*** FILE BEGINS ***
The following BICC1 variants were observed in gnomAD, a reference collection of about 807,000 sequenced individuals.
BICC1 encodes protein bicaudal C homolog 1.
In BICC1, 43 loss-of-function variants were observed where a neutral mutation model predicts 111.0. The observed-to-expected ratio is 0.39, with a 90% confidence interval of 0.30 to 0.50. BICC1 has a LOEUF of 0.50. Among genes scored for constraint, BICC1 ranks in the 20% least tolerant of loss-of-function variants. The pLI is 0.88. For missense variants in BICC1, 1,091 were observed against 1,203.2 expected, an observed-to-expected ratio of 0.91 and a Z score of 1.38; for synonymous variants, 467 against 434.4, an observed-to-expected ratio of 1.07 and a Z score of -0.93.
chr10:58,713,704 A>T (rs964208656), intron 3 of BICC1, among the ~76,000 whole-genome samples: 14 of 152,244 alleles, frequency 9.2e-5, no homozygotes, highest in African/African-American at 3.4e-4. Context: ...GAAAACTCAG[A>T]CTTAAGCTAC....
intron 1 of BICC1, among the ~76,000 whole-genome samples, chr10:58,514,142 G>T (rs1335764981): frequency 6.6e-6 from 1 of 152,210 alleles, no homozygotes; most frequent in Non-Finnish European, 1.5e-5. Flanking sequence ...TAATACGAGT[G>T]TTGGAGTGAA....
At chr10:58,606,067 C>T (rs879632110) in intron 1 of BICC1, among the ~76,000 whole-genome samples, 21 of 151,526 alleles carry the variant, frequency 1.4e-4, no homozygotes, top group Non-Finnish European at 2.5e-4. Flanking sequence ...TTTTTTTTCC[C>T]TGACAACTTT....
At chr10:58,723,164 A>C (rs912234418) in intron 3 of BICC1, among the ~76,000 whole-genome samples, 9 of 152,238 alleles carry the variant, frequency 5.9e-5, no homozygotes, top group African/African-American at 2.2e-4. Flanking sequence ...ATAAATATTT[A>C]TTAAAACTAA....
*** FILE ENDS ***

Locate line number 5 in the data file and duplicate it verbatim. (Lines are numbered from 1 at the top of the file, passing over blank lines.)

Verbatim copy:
intron 1 of BICC1, among the ~76,000 whole-genome samples, chr10:58,514,142 G>T (rs1335764981): frequency 6.6e-6 from 1 of 152,210 alleles, no homozygotes; most frequent in Non-Finnish European, 1.5e-5. Flanking sequence ...TAATACGAGT[G>T]TTGGAGTGAA....